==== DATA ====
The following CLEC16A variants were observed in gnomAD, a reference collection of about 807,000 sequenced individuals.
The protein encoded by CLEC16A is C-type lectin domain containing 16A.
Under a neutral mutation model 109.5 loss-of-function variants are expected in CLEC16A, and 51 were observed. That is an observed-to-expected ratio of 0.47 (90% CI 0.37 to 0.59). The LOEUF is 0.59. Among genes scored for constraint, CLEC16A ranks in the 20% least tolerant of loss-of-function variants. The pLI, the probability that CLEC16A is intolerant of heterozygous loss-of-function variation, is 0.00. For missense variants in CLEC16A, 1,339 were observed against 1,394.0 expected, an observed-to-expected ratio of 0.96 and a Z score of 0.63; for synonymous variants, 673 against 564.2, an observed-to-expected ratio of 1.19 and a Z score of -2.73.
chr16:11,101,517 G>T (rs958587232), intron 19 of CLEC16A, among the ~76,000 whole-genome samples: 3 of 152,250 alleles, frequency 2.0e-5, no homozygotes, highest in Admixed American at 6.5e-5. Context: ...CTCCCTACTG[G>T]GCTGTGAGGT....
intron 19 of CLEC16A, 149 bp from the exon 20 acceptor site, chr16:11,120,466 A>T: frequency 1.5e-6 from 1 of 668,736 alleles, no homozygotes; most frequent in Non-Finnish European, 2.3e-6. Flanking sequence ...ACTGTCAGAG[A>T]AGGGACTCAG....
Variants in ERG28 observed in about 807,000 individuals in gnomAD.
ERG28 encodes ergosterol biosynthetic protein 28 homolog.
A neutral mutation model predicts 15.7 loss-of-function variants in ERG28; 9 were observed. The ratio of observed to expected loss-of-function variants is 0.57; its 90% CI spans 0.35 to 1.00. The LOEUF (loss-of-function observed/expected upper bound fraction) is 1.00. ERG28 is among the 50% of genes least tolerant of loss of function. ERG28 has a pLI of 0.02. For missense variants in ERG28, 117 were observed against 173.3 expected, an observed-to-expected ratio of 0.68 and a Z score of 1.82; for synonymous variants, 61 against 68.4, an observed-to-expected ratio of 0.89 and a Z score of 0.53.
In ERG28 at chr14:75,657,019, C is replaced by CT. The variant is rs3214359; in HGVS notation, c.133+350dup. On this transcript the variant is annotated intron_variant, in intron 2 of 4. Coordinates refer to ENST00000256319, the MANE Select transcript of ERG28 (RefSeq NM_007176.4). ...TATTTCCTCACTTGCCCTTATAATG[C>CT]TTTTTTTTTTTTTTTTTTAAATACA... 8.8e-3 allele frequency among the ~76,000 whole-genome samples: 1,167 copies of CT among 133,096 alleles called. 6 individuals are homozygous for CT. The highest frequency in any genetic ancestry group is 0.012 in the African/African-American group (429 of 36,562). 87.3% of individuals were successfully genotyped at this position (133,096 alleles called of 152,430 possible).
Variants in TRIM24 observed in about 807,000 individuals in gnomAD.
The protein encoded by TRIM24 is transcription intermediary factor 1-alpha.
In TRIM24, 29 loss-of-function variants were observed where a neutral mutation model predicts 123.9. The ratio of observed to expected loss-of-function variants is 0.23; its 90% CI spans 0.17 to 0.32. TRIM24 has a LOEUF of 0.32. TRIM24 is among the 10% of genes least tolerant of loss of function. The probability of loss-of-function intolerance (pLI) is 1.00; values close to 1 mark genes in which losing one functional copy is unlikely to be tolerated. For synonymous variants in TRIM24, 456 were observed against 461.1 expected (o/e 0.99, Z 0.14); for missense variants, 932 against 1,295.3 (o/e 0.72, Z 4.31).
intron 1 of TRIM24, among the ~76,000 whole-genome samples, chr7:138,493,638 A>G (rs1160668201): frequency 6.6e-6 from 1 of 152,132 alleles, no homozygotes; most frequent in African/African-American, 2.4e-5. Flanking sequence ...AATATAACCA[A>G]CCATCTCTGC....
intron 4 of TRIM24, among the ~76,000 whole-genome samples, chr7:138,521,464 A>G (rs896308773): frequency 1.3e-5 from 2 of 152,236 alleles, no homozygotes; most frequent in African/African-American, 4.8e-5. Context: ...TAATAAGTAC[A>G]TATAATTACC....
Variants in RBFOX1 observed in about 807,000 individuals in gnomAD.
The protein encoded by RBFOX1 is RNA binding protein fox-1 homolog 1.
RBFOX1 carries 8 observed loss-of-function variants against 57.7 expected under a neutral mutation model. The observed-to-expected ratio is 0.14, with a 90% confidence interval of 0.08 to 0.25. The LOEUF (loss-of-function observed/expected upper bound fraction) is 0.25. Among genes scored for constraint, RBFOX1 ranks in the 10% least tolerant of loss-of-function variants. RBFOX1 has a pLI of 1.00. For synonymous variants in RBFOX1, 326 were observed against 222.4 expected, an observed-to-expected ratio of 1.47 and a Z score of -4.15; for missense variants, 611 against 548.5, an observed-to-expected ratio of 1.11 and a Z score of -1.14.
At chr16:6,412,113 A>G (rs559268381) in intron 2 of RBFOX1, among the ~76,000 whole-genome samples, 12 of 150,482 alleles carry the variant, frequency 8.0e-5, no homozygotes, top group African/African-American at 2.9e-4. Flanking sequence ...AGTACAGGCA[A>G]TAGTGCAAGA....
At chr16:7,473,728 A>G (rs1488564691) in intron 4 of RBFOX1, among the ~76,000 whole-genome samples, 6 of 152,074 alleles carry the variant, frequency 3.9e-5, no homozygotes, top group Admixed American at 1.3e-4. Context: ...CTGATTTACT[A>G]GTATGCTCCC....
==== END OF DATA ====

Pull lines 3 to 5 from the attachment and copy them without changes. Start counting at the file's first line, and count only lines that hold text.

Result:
Under a neutral mutation model 109.5 loss-of-function variants are expected in CLEC16A, and 51 were observed. That is an observed-to-expected ratio of 0.47 (90% CI 0.37 to 0.59). The LOEUF is 0.59. Among genes scored for constraint, CLEC16A ranks in the 20% least tolerant of loss-of-function variants. The pLI, the probability that CLEC16A is intolerant of heterozygous loss-of-function variation, is 0.00. For missense variants in CLEC16A, 1,339 were observed against 1,394.0 expected, an observed-to-expected ratio of 0.96 and a Z score of 0.63; for synonymous variants, 673 against 564.2, an observed-to-expected ratio of 1.19 and a Z score of -2.73.
chr16:11,101,517 G>T (rs958587232), intron 19 of CLEC16A, among the ~76,000 whole-genome samples: 3 of 152,250 alleles, frequency 2.0e-5, no homozygotes, highest in Admixed American at 6.5e-5. Context: ...CTCCCTACTG[G>T]GCTGTGAGGT....
intron 19 of CLEC16A, 149 bp from the exon 20 acceptor site, chr16:11,120,466 A>T: frequency 1.5e-6 from 1 of 668,736 alleles, no homozygotes; most frequent in Non-Finnish European, 2.3e-6. Flanking sequence ...ACTGTCAGAG[A>T]AGGGACTCAG....